The reason is that most hybrid transmissions use two electric motors/generators - one connected to the engine generates electricity to power the car while the other turns that electricity into motion.
This "power split" system works well in the city but it means hybrids cannot run purely on petrol power. The electric generator and motor have to run all the time, even when the petrol engine is doing most of the work.
This is less efficient than a conventional transmission in steady, highway speed driving.
The "dual mode" hybrid transmission being developed by DaimlerChrysler, BMW and GM adds extra gears and clutches to the hybrid transmission to create an all-mechanical path from the petrol engine to the wheels.
In highway driving, dual mode hybrids work the same way as transmissions in conventional cars.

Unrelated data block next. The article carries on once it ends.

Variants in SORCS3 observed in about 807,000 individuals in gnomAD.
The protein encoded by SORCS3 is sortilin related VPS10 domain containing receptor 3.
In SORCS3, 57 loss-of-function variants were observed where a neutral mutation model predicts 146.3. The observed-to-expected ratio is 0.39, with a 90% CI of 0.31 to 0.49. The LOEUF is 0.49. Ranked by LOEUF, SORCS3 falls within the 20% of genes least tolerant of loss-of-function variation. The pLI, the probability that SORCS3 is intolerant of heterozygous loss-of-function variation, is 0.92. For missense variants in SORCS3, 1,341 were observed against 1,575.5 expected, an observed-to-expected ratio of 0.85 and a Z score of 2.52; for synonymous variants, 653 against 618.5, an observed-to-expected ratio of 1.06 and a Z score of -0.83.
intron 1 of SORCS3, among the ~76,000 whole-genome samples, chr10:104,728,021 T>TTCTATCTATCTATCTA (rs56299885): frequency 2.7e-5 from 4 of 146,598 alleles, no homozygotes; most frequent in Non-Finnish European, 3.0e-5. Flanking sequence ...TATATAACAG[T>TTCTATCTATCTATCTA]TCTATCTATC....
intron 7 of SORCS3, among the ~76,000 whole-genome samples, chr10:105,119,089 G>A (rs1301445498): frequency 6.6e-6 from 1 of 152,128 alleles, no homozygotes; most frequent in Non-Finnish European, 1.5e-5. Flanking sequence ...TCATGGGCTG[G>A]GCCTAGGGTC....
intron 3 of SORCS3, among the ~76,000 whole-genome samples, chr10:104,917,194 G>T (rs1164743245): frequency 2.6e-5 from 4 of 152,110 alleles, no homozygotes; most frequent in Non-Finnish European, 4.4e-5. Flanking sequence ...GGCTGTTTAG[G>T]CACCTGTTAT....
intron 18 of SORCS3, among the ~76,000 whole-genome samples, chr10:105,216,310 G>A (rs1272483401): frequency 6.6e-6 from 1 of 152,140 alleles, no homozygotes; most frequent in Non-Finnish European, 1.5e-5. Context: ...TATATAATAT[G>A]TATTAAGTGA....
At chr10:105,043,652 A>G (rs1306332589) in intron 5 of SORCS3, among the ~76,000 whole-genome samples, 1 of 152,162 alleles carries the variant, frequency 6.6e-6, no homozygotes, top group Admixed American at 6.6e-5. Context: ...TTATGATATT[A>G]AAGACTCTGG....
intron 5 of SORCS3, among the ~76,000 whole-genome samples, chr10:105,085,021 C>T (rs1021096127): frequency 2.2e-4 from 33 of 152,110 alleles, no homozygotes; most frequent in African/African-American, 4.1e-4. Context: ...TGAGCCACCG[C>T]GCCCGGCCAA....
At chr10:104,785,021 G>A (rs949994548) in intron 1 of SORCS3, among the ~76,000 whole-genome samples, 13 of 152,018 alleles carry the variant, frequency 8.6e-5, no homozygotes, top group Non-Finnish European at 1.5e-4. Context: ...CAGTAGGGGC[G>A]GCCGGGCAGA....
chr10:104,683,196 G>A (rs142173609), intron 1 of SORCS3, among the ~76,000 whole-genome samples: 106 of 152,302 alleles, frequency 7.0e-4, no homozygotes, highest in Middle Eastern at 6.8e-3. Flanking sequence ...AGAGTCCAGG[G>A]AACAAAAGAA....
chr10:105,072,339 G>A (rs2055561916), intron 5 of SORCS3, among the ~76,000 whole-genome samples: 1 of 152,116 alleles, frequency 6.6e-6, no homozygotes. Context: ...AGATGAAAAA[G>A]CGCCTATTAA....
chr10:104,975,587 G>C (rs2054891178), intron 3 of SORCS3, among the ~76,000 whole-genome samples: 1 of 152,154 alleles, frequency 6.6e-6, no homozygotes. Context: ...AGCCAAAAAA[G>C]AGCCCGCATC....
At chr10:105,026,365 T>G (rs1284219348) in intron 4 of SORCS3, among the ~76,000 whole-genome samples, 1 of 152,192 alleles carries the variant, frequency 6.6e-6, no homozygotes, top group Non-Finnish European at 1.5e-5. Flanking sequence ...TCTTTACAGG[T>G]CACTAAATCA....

A dual mode hybrid uses the electric motor and generator only for accelerating and recovering energy in braking. At steady high speeds it is driven purely on petrol (or diesel) power.
That might sound like a step backwards but it's actually an improvement in efficiency.
The jointly developed dual mode transmission has four purely mechanical ratios for open road cruising on petrol/diesel as well as the infinitely variable electro-mechanical gearing range of a power-split hybrid for urban driving.